Writing that Does (and Doesn’t) Matter

My friend and co-author, Norbert Elliot, recently did an extensive survey on genres–the kinds of writing that people actually do, apart from what we imagine they do.

I’m paraphrasing here–but I can’t imagine we don’t know this: the genres we have students practice in our writing courses has very little to do with the kinds of writing they do after they get out of school.

Norbert and his colleagues surveyed (and I’m going from memory here) secondary, post-secondary, and post-graduates to evaluate alignment on what we teach and post-pedagogical transfer. From transfer and genre theory, we know that transfer links to genre-similarity. This should be no surprise. If we teach students how to write 5-paragraph essays, their clunky knowledge about writing will not make them poets.

Norbert and his colleagues found that postgraduate writing is not what we teach–in other words, limited transfer. Seven percent of postgraduate writing (surprisingly high) resembles the “essay.”

We  should think about this disjuncture between what we teach and the utility of what we teach–and certainly about the referentiality of reproducing ourselves through what we teach.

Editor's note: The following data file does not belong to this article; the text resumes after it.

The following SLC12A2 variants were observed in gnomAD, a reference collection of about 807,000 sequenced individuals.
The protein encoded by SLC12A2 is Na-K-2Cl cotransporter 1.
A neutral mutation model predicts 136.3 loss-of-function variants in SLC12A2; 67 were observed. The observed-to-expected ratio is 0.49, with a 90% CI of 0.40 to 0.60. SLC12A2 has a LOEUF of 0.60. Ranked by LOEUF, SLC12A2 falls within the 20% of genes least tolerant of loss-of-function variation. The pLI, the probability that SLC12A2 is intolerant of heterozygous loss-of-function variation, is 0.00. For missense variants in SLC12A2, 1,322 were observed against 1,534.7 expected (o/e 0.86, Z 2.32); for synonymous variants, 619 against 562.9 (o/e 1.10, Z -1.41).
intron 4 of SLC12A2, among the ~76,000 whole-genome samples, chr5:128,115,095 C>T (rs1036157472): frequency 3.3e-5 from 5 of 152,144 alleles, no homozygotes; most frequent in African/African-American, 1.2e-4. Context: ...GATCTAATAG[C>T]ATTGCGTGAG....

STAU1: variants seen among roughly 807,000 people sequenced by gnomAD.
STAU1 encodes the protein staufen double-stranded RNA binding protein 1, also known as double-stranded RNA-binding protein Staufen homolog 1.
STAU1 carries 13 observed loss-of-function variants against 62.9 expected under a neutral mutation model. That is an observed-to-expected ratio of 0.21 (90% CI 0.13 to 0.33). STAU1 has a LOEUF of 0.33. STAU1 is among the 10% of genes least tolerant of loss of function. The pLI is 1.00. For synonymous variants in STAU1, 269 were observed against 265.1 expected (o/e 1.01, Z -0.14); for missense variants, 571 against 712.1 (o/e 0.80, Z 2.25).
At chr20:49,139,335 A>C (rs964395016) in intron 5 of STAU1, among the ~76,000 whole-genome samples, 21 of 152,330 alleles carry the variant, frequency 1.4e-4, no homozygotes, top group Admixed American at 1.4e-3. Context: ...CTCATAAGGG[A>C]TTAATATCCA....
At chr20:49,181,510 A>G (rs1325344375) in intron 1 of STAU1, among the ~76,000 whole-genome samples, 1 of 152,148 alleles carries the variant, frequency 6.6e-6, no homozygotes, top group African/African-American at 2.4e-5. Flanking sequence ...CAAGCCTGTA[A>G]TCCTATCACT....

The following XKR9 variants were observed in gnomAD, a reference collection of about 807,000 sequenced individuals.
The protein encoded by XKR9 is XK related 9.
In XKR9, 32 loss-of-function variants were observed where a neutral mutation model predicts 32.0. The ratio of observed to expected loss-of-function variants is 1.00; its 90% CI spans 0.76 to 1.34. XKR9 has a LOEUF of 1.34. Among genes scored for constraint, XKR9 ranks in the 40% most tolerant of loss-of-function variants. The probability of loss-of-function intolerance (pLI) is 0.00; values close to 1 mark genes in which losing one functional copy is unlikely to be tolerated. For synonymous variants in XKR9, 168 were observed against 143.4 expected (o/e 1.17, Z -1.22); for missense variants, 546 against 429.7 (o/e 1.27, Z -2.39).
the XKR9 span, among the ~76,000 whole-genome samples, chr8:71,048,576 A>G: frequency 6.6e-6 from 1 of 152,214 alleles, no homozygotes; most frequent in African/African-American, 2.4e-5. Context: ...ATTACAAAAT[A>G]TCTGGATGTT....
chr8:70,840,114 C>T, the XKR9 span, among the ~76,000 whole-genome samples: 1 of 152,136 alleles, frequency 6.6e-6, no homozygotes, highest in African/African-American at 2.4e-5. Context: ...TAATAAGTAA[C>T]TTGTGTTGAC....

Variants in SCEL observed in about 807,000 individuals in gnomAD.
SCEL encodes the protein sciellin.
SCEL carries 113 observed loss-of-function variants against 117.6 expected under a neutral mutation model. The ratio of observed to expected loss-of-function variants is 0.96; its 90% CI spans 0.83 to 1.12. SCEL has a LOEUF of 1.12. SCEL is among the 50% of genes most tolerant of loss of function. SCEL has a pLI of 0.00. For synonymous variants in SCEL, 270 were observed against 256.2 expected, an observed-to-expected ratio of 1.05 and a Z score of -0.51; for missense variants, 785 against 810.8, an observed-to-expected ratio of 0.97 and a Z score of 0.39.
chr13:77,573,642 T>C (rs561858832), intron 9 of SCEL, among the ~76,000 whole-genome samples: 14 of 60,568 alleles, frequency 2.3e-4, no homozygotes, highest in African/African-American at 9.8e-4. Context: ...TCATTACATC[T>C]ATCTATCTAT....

I can imagine where this line of inquiry would lead–theories of social reproduction, social class and ethnic discrimination, mindless pedagogy, teachers unaware of how they are cogs in the machine. In this post, I’m only going to suggest these implications–my real thesis being that we are too easily inculcated in a project of teaching students how not to write by imagining that we are teaching them how to write.

I had better stop here. But I wondered what Norbert et al.’s data would have shown if they had investigated the frequency of non-academic and non-professional writing that people do–for me, the kind of writing that matters.

3 Replies to “Writing that Does (and Doesn’t) Matter”

  1. Rings bells ringing "engfish" and "antiwriting" (Macrorie and Neel). Nonetheless, I think teaching students to overcome genre with craft and critical and creative thinking to find self expression, self exploration, research, reflection and new ideas is right. Getting the hang of learning and using a genre is sort of like getting used to a company's email culture or memo-language.

  2. Hi, Will. So much agree with all you say. We have to help them negotiate the difficult rhetorical situations (and in academic environments) stupid they will meet. But the most important thing: will they like writing? I know you're with me on this

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